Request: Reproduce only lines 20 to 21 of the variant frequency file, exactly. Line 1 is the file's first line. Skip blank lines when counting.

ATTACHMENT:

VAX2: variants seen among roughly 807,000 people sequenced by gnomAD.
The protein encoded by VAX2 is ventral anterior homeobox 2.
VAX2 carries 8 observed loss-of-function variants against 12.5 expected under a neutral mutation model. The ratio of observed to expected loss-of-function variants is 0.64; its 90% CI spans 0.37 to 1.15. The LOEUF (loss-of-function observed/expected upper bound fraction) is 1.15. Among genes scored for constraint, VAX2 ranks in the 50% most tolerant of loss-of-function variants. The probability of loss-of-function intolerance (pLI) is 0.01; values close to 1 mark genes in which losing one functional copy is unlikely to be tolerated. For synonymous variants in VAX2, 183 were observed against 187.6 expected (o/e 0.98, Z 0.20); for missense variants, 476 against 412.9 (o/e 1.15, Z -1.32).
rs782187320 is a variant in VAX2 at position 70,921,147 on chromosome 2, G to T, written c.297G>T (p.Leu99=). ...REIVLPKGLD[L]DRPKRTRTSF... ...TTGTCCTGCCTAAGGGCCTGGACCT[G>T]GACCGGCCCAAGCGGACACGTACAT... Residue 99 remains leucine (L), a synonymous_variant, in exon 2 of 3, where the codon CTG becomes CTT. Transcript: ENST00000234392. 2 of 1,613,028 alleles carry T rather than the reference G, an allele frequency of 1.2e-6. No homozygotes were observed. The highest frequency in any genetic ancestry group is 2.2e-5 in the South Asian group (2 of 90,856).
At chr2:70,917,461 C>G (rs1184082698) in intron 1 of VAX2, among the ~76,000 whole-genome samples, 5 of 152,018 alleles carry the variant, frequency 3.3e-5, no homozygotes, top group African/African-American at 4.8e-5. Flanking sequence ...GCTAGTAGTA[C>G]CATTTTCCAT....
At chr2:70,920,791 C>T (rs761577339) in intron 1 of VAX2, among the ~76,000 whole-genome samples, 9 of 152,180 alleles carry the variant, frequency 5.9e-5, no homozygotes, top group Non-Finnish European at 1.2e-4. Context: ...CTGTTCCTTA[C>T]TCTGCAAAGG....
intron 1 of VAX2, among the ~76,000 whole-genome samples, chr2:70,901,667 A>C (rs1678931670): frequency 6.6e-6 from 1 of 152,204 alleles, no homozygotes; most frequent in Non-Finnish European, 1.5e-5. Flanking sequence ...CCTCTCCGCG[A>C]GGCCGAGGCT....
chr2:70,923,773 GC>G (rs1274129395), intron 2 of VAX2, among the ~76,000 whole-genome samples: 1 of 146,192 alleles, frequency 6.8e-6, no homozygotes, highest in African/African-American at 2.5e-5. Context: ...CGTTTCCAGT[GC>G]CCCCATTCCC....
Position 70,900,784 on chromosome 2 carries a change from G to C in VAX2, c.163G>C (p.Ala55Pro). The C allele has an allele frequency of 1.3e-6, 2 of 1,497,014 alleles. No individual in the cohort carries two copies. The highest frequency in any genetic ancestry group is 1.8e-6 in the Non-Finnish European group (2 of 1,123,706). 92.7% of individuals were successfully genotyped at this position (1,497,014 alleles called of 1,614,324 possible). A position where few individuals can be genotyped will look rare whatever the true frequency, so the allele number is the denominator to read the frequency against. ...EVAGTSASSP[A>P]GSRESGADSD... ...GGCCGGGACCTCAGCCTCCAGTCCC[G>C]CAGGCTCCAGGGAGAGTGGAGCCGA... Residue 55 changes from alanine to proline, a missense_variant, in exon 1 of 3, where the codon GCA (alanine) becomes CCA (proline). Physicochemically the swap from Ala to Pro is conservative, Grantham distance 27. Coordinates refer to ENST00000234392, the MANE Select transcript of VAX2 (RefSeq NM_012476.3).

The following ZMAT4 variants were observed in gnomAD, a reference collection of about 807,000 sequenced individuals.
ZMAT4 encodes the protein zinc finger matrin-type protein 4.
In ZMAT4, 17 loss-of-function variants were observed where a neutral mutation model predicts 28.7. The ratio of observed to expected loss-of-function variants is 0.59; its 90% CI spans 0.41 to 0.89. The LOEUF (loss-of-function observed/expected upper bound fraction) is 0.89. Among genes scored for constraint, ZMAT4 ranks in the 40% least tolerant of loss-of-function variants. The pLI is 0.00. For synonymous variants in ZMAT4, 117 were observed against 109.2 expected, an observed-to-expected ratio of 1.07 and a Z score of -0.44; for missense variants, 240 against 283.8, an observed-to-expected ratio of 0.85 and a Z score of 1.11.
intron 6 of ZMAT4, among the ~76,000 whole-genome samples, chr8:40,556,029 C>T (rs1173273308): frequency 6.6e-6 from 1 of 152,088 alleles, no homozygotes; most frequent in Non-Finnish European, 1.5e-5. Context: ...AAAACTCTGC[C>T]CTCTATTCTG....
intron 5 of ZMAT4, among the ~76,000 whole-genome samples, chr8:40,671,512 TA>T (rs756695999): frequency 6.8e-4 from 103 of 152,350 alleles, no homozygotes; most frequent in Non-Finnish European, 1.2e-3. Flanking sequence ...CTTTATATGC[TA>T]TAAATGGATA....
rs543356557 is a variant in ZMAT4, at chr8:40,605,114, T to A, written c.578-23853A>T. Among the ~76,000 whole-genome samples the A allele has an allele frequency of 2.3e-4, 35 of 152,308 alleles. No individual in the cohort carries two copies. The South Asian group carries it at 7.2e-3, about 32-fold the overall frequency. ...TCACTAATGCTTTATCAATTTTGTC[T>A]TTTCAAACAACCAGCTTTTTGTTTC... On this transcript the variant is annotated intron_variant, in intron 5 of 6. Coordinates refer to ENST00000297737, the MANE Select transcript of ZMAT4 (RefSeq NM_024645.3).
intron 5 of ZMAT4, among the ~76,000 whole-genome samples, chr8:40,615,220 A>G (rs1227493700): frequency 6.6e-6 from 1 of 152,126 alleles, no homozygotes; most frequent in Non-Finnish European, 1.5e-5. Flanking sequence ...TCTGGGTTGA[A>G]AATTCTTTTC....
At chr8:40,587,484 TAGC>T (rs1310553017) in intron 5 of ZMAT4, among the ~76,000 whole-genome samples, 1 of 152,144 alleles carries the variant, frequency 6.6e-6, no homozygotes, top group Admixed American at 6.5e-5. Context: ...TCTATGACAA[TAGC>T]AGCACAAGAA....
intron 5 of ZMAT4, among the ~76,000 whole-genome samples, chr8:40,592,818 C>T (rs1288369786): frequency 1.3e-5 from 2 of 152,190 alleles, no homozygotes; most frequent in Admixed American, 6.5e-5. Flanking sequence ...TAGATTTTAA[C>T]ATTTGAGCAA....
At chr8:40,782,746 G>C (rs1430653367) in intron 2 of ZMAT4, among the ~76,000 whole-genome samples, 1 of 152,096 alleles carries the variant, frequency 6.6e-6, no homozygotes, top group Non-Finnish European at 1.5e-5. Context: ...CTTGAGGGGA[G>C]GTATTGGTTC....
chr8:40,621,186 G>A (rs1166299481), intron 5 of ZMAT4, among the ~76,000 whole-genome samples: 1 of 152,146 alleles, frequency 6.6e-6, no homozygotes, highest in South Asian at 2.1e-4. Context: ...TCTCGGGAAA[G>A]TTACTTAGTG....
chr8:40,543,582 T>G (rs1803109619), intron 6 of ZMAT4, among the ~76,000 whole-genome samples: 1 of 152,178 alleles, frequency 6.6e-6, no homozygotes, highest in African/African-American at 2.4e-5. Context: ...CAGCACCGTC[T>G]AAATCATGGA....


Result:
chr8:40,621,186 G>A (rs1166299481), intron 5 of ZMAT4, among the ~76,000 whole-genome samples: 1 of 152,146 alleles, frequency 6.6e-6, no homozygotes, highest in South Asian at 2.1e-4. Context: ...TCTCGGGAAA[G>A]TTACTTAGTG....
chr8:40,543,582 T>G (rs1803109619), intron 6 of ZMAT4, among the ~76,000 whole-genome samples: 1 of 152,178 alleles, frequency 6.6e-6, no homozygotes, highest in African/African-American at 2.4e-5. Context: ...CAGCACCGTC[T>G]AAATCATGGA....